On a serious note, our customers come in many flavors. There is a small minority that literally buys their entire degree. I can only surmise that these people are sent to school by their rich daddies and have no desire to be there. Is this a problem created by unemployed professors? No, it is a problem created by nepotism. These people will probably end up taking a cushy, high paying, no-work job with one of daddy’s affiliates and live happy ever after. It’s good to be lucky; I don’t have a problem with that.

Another reason students use our service is to complete writing assignments for non-core forced elective courses. These students are making the practical choice of spending more time on their core studies in order to elevate their GPA as well as their expertise in their chosen field. These are highly motivated students coping with an enormous workload in a practical manner. In the end, these students will usually graduate with honors and with a deeper understanding of their major. The argument can be made that these non-core courses help broaden your education. A load of crap; life itself is good enough for that, you are in school to get a solid foundation in your chosen field, use every minute wisely.

The most interesting subset of our clientele is the student who has already written an assignment and is asking for advice before submitting it or asking help with a re-write after it was rejected. Truly remarkable; obviously a very dedicated student, but why come to us? If you are a student like I was many years ago, you can understand the frustration of professors not respecting their office hours or caring more about their own research projects when you happen to find them. The fact of the matter is that the professionals at unemployed professors are here for you and care that you get the help and the mark that you deserve and also to learn from the experience.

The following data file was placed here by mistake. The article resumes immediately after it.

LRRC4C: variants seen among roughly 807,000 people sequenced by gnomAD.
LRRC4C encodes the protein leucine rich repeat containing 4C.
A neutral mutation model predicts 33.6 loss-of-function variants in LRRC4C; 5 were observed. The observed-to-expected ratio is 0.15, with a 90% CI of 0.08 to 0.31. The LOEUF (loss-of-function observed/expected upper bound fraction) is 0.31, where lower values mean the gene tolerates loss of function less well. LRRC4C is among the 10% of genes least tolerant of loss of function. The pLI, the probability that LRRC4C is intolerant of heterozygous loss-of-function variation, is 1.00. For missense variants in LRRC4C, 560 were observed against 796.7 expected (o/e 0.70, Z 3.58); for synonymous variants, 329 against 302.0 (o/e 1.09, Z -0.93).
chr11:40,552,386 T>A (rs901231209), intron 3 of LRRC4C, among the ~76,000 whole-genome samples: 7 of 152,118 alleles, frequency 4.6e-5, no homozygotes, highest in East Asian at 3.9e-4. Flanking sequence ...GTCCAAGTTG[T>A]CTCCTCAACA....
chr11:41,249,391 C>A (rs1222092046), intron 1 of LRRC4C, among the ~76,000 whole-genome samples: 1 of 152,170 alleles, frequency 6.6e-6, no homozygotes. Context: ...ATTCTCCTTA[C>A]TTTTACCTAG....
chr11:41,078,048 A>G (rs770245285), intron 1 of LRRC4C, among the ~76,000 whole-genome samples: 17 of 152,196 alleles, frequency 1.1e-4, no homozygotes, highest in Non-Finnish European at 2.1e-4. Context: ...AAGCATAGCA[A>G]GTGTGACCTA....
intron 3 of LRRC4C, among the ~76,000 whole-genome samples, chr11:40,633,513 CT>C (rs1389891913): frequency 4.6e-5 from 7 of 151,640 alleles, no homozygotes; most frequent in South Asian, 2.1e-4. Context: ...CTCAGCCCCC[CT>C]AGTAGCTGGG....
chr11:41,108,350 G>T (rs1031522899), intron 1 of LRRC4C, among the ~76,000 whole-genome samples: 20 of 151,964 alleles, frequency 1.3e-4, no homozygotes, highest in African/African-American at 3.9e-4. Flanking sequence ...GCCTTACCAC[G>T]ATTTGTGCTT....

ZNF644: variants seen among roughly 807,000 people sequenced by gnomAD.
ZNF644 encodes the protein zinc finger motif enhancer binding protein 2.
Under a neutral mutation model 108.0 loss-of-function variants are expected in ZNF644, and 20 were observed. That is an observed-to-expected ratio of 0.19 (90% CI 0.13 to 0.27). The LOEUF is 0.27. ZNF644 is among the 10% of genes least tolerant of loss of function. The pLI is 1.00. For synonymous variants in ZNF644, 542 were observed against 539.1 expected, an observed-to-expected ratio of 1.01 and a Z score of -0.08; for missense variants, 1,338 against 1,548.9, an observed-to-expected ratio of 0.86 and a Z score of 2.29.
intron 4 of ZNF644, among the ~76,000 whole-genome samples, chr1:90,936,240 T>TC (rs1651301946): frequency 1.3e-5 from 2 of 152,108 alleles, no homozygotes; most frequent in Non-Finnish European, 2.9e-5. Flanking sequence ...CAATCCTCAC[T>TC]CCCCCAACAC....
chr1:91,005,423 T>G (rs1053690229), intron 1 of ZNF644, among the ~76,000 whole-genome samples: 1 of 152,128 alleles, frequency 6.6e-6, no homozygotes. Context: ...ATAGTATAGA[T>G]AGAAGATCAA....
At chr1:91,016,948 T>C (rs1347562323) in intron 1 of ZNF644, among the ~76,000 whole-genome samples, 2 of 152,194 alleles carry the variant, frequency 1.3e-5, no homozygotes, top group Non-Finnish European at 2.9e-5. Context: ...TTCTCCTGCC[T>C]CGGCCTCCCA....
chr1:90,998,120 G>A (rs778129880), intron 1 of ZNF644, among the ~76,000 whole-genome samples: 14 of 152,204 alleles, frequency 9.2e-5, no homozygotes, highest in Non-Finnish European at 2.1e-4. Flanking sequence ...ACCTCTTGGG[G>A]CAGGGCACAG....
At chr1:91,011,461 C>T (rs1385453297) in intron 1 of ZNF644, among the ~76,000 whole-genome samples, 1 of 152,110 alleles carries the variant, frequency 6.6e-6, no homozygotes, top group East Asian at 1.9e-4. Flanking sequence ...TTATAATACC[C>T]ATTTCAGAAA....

.… And during the process I truly believe that you will become a better student. – Shadow

One of our friendly, tweed-wearing Unemployed Professors is happy to help you tame the paper monster.

Steven Covey’s time management quadrant

Are you constantly scrambling to get stuff done at the last minute? Maybe the problem isn’t what you do or not do, but how you prioritize it. The scrawled list of things “to do” may work well if you only have a few simple tasks to accomplish, as one of the best Kids in the Hall sketches demonstrates. I used to put things on my to-do list like “drink coffee” and “drink more coffee.” This made me feel productive, but it didn’t get my important tasks done.


(Source: Kids in the Hall, “Things to Do,” via

When you have to do important, complex tasks, and figure out how to best implement the Pareto Principle, it is best to implement a system. Steven Covey’s time management quadrant is an easy way to prioritize things. You don’t even actually need to fill in all the quadrants. For the purposes of this blog, we’re considering a to do list that only contains academic things.

Quadrant I is important, urgent items. Your house is on fire? Quick, write it into the quadrant (actually, don’t) and get out. Gotta pee? Quadrant I. That 14 page paper you have been putting off for 2 months and that’s now due tomorrow? That’s important and urgent, now. Quadrant II is important, but not urgent. That’s where you put stuff like calculus homework due next week, a paper due in a month, and so on.urgency


Quadrant III is where you have to make some choices: these are not important, but urgent things are ones you can’t get out of. They might be homework assignments for classes you hate, or conversations with that roommate who never shuts up. It might be scheduling an appointment with your advisor because you know you have to do it this term. They might include eating before you pass out.

Quadrant IV is for not important, not urgent stuff. Just thinking about what might go here can help you focus your energies. Tragically, reading hilarious Wikipedia articles is not going to get your important, urgent tasks done. Neither will re-watching every episode of your favorite childhood cartoon on YouTube. Someday these things may ec=-